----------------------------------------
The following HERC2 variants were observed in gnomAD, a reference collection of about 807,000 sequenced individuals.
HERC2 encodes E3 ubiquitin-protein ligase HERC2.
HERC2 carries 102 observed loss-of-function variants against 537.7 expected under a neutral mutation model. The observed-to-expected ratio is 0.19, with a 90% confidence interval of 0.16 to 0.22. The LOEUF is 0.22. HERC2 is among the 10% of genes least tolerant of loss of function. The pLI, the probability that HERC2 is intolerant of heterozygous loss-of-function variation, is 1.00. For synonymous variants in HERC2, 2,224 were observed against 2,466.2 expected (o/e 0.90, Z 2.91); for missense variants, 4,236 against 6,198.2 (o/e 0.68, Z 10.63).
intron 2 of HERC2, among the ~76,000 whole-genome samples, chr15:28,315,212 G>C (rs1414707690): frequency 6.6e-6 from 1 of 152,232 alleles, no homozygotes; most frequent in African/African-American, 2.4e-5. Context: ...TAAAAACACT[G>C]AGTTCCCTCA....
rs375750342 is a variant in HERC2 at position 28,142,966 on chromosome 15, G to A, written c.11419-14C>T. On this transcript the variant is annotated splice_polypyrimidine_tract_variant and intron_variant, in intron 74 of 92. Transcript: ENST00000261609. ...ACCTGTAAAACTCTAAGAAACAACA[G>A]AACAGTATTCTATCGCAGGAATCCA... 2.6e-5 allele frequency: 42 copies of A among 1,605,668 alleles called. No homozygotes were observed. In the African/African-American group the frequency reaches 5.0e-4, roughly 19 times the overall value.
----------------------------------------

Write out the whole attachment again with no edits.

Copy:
The following HERC2 variants were observed in gnomAD, a reference collection of about 807,000 sequenced individuals.
HERC2 encodes E3 ubiquitin-protein ligase HERC2.
HERC2 carries 102 observed loss-of-function variants against 537.7 expected under a neutral mutation model. The observed-to-expected ratio is 0.19, with a 90% confidence interval of 0.16 to 0.22. The LOEUF is 0.22. HERC2 is among the 10% of genes least tolerant of loss of function. The pLI, the probability that HERC2 is intolerant of heterozygous loss-of-function variation, is 1.00. For synonymous variants in HERC2, 2,224 were observed against 2,466.2 expected (o/e 0.90, Z 2.91); for missense variants, 4,236 against 6,198.2 (o/e 0.68, Z 10.63).
intron 2 of HERC2, among the ~76,000 whole-genome samples, chr15:28,315,212 G>C (rs1414707690): frequency 6.6e-6 from 1 of 152,232 alleles, no homozygotes; most frequent in African/African-American, 2.4e-5. Context: ...TAAAAACACT[G>C]AGTTCCCTCA....
rs375750342 is a variant in HERC2 at position 28,142,966 on chromosome 15, G to A, written c.11419-14C>T. On this transcript the variant is annotated splice_polypyrimidine_tract_variant and intron_variant, in intron 74 of 92. Transcript: ENST00000261609. ...ACCTGTAAAACTCTAAGAAACAACA[G>A]AACAGTATTCTATCGCAGGAATCCA... 2.6e-5 allele frequency: 42 copies of A among 1,605,668 alleles called. No homozygotes were observed. In the African/African-American group the frequency reaches 5.0e-4, roughly 19 times the overall value.